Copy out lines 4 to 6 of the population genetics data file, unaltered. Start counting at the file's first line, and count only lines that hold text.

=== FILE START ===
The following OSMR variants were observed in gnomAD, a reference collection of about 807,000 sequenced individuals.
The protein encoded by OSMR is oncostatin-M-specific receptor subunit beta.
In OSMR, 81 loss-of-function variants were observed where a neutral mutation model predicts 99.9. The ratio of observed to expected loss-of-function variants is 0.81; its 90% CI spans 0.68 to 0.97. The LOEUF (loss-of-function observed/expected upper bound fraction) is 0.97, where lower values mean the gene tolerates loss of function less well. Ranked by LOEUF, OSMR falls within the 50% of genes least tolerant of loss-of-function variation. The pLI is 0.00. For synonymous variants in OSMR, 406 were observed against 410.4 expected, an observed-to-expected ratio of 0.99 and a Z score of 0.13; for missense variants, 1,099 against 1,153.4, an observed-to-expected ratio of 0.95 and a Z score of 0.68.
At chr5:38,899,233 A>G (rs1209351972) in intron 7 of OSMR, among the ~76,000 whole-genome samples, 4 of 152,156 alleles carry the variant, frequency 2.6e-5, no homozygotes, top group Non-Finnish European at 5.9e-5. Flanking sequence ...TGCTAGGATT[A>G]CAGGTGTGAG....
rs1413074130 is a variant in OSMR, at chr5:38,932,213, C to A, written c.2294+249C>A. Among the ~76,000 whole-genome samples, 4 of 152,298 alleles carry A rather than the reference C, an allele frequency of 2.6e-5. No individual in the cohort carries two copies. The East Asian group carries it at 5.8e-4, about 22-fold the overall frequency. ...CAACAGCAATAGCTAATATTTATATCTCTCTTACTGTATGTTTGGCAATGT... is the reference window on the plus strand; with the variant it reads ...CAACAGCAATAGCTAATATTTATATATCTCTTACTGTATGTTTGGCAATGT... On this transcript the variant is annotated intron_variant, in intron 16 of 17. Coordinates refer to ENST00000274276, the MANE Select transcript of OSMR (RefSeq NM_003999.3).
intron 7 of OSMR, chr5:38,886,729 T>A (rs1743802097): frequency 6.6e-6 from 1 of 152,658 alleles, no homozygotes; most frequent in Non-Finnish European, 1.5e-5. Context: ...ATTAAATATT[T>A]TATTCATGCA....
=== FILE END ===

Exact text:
At chr5:38,899,233 A>G (rs1209351972) in intron 7 of OSMR, among the ~76,000 whole-genome samples, 4 of 152,156 alleles carry the variant, frequency 2.6e-5, no homozygotes, top group Non-Finnish European at 5.9e-5. Flanking sequence ...TGCTAGGATT[A>G]CAGGTGTGAG....
rs1413074130 is a variant in OSMR, at chr5:38,932,213, C to A, written c.2294+249C>A. Among the ~76,000 whole-genome samples, 4 of 152,298 alleles carry A rather than the reference C, an allele frequency of 2.6e-5. No individual in the cohort carries two copies. The East Asian group carries it at 5.8e-4, about 22-fold the overall frequency. ...CAACAGCAATAGCTAATATTTATATCTCTCTTACTGTATGTTTGGCAATGT... is the reference window on the plus strand; with the variant it reads ...CAACAGCAATAGCTAATATTTATATATCTCTTACTGTATGTTTGGCAATGT... On this transcript the variant is annotated intron_variant, in intron 16 of 17. Coordinates refer to ENST00000274276, the MANE Select transcript of OSMR (RefSeq NM_003999.3).
intron 7 of OSMR, chr5:38,886,729 T>A (rs1743802097): frequency 6.6e-6 from 1 of 152,658 alleles, no homozygotes; most frequent in Non-Finnish European, 1.5e-5. Context: ...ATTAAATATT[T>A]TATTCATGCA....